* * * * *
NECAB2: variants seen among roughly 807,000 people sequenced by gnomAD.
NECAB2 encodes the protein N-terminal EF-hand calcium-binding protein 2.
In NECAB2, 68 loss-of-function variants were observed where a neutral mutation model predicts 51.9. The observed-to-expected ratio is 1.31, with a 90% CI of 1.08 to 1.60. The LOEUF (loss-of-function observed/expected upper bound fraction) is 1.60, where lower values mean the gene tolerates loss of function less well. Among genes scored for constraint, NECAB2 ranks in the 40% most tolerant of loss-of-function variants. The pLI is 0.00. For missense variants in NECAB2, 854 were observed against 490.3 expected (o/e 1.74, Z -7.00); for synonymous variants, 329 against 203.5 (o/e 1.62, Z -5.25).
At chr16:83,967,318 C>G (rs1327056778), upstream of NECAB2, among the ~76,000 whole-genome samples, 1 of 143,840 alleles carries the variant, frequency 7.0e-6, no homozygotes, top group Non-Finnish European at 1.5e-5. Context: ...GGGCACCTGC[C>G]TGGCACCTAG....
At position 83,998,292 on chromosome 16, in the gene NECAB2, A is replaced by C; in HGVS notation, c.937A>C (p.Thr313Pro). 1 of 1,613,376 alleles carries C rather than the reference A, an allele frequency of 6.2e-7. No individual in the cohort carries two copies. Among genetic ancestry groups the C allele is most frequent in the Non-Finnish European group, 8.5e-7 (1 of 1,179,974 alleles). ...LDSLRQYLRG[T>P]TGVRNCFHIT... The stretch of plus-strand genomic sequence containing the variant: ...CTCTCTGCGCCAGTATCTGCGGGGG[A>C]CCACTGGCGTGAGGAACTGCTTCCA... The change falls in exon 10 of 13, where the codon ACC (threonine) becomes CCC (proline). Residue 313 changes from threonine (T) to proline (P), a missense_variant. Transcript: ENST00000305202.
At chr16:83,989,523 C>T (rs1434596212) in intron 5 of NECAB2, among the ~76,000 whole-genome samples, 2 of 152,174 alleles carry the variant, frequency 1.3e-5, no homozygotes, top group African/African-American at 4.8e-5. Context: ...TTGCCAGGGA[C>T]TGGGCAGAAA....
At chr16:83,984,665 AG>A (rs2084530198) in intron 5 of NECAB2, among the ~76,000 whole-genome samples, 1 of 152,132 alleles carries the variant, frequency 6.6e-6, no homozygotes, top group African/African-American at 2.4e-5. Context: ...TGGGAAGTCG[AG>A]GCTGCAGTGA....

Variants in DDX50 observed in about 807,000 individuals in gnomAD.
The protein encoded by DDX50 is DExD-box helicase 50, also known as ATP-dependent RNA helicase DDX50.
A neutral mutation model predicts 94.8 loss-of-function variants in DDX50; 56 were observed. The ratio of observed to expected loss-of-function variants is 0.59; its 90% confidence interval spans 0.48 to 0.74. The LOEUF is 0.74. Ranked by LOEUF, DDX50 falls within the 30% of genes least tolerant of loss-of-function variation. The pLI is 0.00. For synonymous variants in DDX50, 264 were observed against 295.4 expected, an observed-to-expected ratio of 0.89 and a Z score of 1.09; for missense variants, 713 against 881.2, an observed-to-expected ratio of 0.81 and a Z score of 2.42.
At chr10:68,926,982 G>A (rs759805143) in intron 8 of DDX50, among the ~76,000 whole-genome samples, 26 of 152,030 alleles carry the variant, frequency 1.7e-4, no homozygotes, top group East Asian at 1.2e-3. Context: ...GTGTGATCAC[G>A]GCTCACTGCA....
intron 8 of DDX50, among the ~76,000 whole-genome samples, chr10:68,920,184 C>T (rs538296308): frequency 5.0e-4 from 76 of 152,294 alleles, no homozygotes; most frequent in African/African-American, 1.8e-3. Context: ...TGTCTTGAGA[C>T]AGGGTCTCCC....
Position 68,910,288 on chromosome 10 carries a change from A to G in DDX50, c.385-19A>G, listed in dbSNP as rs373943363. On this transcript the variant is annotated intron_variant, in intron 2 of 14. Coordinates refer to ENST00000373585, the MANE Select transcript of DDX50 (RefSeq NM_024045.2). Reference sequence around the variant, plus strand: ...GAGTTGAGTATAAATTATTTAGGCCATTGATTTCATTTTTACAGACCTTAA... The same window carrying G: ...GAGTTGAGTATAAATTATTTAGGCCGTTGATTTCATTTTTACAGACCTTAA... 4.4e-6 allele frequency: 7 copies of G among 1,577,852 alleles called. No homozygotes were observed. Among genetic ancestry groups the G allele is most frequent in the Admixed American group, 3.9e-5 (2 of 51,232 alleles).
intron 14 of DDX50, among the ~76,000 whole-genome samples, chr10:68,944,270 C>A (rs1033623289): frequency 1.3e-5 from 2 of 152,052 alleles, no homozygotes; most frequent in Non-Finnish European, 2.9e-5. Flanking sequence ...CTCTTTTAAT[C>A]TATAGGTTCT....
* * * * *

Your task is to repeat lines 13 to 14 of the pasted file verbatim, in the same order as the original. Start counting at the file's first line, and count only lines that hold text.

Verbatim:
Position 68,910,288 on chromosome 10 carries a change from A to G in DDX50, c.385-19A>G, listed in dbSNP as rs373943363. On this transcript the variant is annotated intron_variant, in intron 2 of 14. Coordinates refer to ENST00000373585, the MANE Select transcript of DDX50 (RefSeq NM_024045.2). Reference sequence around the variant, plus strand: ...GAGTTGAGTATAAATTATTTAGGCCATTGATTTCATTTTTACAGACCTTAA... The same window carrying G: ...GAGTTGAGTATAAATTATTTAGGCCGTTGATTTCATTTTTACAGACCTTAA... 4.4e-6 allele frequency: 7 copies of G among 1,577,852 alleles called. No homozygotes were observed. Among genetic ancestry groups the G allele is most frequent in the Admixed American group, 3.9e-5 (2 of 51,232 alleles).
intron 14 of DDX50, among the ~76,000 whole-genome samples, chr10:68,944,270 C>A (rs1033623289): frequency 1.3e-5 from 2 of 152,052 alleles, no homozygotes; most frequent in Non-Finnish European, 2.9e-5. Flanking sequence ...CTCTTTTAAT[C>A]TATAGGTTCT....